(2) It extends to the whole of Pakistan and applies to all citizens of Pakistan wherever they may be.
(3) It shall come into force on the 1st day of April, 1939.

2.Definitions.
In this Act, unless there is anything repugnant in the subject or context,
(a) “child” means a person who, if a male, is under eighteen years of age, and if a female, is under sixteen years of age;
(b) “child marriage” means a marriage to which either of the contracting parties is a child;
(c) “contracting party” to a marriage means either of the parties whose marriage is or is about to be thereby solemnized;
(d) “minor” means person of either sex who is under eighteen years of age,
(e) “Union Council” means the Union Council or the Town Committee constituted under the Law relating to Local Government for the time being in force.

PUNJAB AMENDMENT IN SECTION 2:
(i) at the end of clause ©, the word “and” shall be added;
(ii) the comma appearing at the end of clause (d) shall be replaced by a full stop; and
(iii) clause e shall be omitted.
Punjab Ordinance, 23 of 1971.

3.Omitted by Muslim Family Laws Ordinance, 1961 (VIII of 1961 S. 12 (w.e.f. 15.07.1961).

4.Punishment for male adult above eighteen years of age marrying a child.
Whoever, being a male above eighteen years of age, contracts child marriage shall be punishable with simple imprisonment which may extend to one month, or with fine which may extend to one thousand rupees, or with both.

5.Punishment for solemnizing a child marriage.
Whoever performs, conducts or directs any child marriage shall be punishable with simple imprisonment which may extend to one month, or with fine which may extend to one thousand rupees, or with both, unless he proves that he had reason to believe that the marriage was not a child marriage.

6.Punishment for parent or guardian concerned in a child marriage.
(1) Where a minor contracts a child marriage any person having charge of the minor, whether as parent or guardian or in any other capacity, lawful or unlawful, who does any act to promote the marriage or permits it to be solemnized, or negligently fails to prevent it from being solemnized, shall be punishable with simple imprisonment which may extend to one month, or with fine which may extend to one thousand rupees, or with both:
Provided that no woman shall be punishable with imprisonment.
(2) For the purpose of this section, it shall be presumed, unless and until the contrary is proved, that where a minor has contracted a child marriage, the person having charge of such minor has negligently failed to prevent the marriage from being solemnized.

7.Imprisonment not to be awarded for offence under section 3.
Notwithstanding anything contained in section 25 of the General Clauses At, 1897, or section 64 of the Pakistan Penal Code, Court sentencing an offender under section 3 shall not be competent to direct that, in default of payment of the fine imposed, he shall undergo only term of imprisonment.

8.Jurisdiction under this Act.
Notwithstanding anything contained in section 90 of the Code of Criminal Procedure, 1898, no Court other than that of a Magistrate of the First Class shall take cognizance of or try any offence under this Act.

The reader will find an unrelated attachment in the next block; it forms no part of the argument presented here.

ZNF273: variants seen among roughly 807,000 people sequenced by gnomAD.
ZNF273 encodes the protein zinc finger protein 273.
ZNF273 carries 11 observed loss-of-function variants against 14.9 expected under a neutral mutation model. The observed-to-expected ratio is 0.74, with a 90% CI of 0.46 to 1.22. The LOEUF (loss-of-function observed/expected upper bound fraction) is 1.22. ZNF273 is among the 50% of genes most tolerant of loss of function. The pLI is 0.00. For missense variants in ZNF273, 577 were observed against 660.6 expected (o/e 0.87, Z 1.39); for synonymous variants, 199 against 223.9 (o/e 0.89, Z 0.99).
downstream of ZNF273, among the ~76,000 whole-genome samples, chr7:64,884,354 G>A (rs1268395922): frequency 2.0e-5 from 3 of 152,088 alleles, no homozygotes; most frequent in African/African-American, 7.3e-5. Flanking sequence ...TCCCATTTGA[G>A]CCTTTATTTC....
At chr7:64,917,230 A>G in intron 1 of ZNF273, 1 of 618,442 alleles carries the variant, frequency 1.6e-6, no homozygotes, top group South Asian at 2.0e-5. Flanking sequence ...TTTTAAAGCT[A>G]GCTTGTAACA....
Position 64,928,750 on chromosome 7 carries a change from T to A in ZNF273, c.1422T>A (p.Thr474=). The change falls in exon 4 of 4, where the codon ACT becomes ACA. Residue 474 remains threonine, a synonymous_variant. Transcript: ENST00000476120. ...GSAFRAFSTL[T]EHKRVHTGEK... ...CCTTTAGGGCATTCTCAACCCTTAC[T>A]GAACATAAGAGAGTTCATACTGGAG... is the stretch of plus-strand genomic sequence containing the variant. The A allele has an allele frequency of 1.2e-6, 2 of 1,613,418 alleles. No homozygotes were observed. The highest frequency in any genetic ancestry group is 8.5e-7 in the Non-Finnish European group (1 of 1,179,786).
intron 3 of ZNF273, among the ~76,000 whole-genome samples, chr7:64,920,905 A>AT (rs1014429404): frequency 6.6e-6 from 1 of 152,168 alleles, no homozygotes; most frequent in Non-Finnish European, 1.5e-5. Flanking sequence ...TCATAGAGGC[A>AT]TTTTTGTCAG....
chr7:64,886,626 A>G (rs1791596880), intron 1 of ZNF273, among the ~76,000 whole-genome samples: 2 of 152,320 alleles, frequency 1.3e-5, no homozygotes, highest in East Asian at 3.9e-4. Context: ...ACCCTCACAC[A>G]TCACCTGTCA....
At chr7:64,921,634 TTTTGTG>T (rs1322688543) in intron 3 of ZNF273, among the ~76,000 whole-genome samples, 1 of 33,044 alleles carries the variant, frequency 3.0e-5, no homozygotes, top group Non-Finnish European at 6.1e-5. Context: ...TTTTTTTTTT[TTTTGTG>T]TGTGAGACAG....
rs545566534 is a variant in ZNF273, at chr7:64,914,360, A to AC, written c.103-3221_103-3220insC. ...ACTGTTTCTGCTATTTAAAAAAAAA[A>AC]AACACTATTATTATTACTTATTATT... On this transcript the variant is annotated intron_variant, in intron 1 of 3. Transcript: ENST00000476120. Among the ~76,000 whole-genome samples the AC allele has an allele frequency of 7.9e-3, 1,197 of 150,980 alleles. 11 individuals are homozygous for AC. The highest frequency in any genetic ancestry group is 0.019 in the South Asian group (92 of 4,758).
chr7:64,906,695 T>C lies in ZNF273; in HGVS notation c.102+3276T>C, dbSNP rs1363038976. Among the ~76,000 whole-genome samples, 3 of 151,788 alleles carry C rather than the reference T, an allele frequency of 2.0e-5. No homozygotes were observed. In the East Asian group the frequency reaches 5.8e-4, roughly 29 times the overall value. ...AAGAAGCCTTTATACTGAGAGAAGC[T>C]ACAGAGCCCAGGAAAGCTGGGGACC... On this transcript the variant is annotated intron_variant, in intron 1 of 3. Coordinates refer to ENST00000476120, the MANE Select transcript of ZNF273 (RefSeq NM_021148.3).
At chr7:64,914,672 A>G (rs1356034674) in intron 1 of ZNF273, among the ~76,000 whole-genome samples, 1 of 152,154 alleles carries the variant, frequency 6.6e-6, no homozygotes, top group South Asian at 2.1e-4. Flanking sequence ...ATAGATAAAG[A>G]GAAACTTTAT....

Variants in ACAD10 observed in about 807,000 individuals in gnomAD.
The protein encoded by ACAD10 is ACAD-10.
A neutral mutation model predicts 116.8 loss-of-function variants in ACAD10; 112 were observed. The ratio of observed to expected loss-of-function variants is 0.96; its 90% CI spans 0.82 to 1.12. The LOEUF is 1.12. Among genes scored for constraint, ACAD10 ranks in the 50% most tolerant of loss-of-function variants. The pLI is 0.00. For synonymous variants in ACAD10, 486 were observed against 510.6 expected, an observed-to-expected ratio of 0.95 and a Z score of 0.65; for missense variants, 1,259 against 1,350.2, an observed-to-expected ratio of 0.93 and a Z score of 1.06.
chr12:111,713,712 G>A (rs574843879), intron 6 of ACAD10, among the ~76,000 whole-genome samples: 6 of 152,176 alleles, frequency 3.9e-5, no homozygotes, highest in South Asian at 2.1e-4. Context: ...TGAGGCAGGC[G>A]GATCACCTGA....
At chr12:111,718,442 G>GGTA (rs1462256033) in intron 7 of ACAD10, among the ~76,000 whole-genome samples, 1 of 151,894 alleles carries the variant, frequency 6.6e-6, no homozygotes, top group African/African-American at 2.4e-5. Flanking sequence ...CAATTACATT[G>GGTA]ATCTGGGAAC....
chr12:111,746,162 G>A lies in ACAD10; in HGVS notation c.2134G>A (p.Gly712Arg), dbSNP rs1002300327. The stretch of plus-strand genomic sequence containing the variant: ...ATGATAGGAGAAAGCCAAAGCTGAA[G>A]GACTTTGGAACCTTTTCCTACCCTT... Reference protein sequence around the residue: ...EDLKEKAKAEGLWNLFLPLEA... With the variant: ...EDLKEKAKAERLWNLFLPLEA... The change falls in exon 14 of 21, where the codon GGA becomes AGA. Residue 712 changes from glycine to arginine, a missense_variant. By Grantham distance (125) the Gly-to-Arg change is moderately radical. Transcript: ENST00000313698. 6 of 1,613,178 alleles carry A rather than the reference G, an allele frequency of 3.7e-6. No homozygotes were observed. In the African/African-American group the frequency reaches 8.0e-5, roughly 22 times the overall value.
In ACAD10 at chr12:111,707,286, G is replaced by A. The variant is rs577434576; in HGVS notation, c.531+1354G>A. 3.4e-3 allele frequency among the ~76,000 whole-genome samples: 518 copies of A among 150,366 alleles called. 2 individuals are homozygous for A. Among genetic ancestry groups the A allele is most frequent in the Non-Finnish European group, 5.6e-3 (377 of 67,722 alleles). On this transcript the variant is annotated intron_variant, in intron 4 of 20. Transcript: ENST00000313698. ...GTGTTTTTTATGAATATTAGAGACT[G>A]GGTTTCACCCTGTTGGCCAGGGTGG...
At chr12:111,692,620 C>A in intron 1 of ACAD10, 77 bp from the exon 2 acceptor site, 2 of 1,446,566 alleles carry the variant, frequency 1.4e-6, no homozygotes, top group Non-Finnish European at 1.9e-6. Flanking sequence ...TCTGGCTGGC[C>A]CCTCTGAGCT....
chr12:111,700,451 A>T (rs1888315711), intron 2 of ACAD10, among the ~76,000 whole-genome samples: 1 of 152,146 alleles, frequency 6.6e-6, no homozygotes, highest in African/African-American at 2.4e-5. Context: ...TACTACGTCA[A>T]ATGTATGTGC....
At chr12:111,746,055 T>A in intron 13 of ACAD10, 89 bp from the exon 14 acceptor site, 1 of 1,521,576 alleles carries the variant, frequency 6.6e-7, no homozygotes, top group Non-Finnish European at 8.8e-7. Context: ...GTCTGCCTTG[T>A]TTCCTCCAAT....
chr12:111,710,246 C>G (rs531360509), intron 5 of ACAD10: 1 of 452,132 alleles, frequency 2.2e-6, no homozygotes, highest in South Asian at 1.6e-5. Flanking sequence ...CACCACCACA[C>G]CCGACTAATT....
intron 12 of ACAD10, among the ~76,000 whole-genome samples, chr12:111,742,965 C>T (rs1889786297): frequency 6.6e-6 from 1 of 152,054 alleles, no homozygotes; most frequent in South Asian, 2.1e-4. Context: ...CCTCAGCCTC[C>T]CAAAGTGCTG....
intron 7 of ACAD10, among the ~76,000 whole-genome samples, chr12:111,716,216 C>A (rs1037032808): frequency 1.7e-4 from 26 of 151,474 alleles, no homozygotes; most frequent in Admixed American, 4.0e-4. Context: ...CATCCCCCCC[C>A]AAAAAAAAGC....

9.Mode of taking cognizance of offence.
No Court shall take cognizance of any offence under this Act except on a complaint made by the Union Council, or if there is no Union Council in the area, by such authority as the Provincial Government may in this behalf prescribe, and such cognizance shall in no case be taken after the expiry of one year from the date on which the offence is alleged to have been committed.

PUNJAB AMENDMENT
In section 9:
The words and commas “except on a complaint made by the Union Council, or if there is no Union Council in the area, by such authority as the Provincial Government may in this behalf prescribe, and such cognizance shall in no case be taken” occurring after the words “under this Act” and before the words “after the expiry” shall be omitted.

Punjab Ordinance, 23 of 1971, S. 3.
10.Preliminary inquiries into offences under this Act.
The Court taking cognizance of an offence under this Act shall, unless it dismisses the complaint under section 203 of the Code of Criminal Procedure, 1898, either itself make an inquiry under section 202 of that Code or direct a Magistrate of the First Class subordinate to it to make such inquiry.

11.Omitted by Muslim Family Laws Ordinance, 1961.

12.Power to issue injunction prohibiting marriage in contravention of this Act.

(1) Notwithstanding anything to the contrary contained in this Act, the Court may, if satisfied from information laid before it through a complaint or otherwise that a child marriage in contravention of this Act has been arranged or is about to be solemnized, issue an injunction against any of the persons mentioned in sections 3, 4, 5 and 9 of this Act prohibiting such marriage.

(2) No injunction under sub-section (1) shall be issued against any person unless the Court has previously given notice to such person, and has afforded him an opportunity to show-cause against the issue of the injunction.

(3) The Court may either on its own motion or on the application of any person aggrieved, rescind or alter any order made under sub-section (1).

(4) Where such an application is received, the Court shall afford the applicant an early opportunity of appearing before it either in person or by pleader, and if the Court rejects the application wholly or in part, it shall record in writing its reasons for so doing.

(5) Whoever, knowing that an injunction has been issued against him under sub-section (1) of this section disobeys such injunction shall be punished with imprisonment of either description for a term which may extend to three months, or with fine which may extend to one thousand rupees, or with both:
Provided that no woman shall be punishable with imprisonment.